and by the way, the ural mountains are not key to dividing europe from asia. after all, the himalayas are a lot more imposing than the urals. the himalays kept the mongols from whomping the snot out of india. the urals didnt save the europeans from the mongols beating them like gongs did they?

but we dont seriously say india is its own continent because of mountains do we.

there you go. your post-colonialish geography lesson for the day.  ;D
“When you hurt people, they begin to love you less. That's what careless words do. They make people love you a little less.”
― Arundhati Roy

Offline Boris Badenov

  • Ray Allen
  • **
  • Posts: 2502
  • Tommy Points: 384
Re: Colton Iverson may be going to Turkey?
« Reply #49 on: July 20, 2013, 08:57:58 AM »

PS: And Turkey really isnīt europe.

Not that it matters a lot, but Turkey has a European part and an Asian part. Bosphorus is the limit.

Turkey is not a part of europe.

http://en.wikipedia.org/wiki/Bosphorus

you're welcome

True, but only about 3% of Turkey's land mass is in Europe.  It is primarily in Asia Minor, which is part of Asia.

Nobody said it was 50/50. But Istambul is half European, half Asian. And it doesn't matter a lot, as I said first, but facts are facts.

Turkey is a long way into the process of becoming a member of the European Union, so I think that answers the question of wether they are part of Europe or not.

Being part of the European Union is not the same as being a part of Europe. Russia is part of European Continent, and I don't think they'll ever become a member of the EU.

Geographically speaking, Europe and Asia are traditionally separated by the Bosphorus and the Urals. Every frontier is a political convention, though, and I don't think it's better being a European or an Asian country. It just bugs me to read "Turkey really isn't Europe".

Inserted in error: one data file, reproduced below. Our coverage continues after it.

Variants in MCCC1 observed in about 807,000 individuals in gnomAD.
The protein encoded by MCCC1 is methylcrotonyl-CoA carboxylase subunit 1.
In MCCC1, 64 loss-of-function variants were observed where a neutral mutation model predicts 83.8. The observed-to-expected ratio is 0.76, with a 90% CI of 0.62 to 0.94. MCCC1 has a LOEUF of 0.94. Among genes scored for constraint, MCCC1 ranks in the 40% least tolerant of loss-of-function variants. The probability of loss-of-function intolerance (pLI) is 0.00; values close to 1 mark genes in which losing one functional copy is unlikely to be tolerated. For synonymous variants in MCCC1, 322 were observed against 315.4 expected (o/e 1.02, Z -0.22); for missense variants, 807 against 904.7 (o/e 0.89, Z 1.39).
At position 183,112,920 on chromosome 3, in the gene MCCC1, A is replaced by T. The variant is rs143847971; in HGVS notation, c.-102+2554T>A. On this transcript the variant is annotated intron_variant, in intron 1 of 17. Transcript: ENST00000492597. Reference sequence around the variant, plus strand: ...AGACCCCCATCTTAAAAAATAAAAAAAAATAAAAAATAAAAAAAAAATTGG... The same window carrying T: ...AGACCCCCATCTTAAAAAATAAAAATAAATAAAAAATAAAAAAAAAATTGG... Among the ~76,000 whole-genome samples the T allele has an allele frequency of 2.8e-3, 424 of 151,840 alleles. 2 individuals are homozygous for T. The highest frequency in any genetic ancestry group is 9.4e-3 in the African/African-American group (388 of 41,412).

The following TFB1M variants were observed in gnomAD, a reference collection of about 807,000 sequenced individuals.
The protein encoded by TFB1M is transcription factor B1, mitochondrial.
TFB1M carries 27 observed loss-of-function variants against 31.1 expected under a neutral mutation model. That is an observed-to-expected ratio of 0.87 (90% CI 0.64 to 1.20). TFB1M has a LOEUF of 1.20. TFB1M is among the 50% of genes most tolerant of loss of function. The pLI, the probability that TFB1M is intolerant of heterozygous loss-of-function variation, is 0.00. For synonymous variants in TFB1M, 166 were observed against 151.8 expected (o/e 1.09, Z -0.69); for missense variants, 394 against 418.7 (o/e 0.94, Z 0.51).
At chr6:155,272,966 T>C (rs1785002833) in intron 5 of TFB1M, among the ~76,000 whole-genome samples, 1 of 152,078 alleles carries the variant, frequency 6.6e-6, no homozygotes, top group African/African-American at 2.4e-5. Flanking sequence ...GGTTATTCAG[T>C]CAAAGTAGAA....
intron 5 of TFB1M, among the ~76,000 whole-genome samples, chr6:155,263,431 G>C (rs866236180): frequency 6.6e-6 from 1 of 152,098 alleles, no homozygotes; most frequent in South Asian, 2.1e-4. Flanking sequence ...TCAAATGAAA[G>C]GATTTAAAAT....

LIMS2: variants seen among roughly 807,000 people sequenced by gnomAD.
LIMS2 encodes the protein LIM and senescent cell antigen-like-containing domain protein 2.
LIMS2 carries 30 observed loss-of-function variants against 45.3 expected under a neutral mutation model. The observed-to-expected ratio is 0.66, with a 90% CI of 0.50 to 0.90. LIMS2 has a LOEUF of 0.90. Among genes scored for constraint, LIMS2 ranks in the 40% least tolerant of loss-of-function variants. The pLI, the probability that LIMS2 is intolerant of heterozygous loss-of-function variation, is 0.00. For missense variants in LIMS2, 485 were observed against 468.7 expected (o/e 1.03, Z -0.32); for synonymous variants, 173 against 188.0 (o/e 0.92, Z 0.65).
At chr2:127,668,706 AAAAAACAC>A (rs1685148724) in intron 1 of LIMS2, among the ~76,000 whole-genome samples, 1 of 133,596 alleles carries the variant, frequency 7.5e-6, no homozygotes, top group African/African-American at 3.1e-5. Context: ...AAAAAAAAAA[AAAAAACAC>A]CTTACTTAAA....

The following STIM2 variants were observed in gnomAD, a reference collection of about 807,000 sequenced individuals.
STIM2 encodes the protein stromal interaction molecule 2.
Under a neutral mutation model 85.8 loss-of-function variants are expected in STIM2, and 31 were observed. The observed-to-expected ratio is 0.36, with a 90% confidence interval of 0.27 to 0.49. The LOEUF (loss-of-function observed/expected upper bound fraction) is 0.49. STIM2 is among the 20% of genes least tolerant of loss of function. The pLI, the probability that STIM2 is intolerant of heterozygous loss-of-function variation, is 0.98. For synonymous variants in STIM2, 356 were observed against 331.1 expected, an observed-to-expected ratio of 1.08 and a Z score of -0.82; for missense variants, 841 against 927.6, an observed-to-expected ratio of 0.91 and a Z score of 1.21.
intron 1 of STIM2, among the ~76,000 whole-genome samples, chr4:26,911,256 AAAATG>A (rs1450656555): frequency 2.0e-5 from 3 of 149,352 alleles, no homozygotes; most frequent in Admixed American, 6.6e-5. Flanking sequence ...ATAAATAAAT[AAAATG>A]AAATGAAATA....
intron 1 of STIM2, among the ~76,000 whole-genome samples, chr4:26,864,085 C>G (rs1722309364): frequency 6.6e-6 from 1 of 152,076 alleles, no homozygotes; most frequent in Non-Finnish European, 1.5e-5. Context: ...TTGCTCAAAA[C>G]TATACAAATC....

a slight variation on the above and a thread highjack.

not being in the EU does not mean you are not european. you can european and not part of the EU. before england was admitted it was no less european. and being a member did not make it "more european", whatever that would be.

now, does  being in the EU make you european? doubtful. if for what ever reason japan were to join (hey, it might happen) would they become european? not in my mind.

turkey is part of the North Atlantic Treaty Organization (NATO). on the maps i use, i dont see turkey as remotely close to the northern atlantic. but there you go.

now then, "is turkey a european country" may not be a "map fact" question. turkey does lie in BOTH supposed continents. it seems more a call of preference than "fact" is involved. often, facts are simply beliefs about the world that we all agree are "true".

for europeans for centuries, the world was flat. for many people from east asia at the same time, they would have laughed at that thought and shown you maps of the world and europe demonstrating the world is a sphere.

but now to double hijack the thread. continents themselves are not actual "facts" that exist outside human contrivances and conventions. that is, people created the concept of a continent long ago and we today inherited it, often unquestioningly.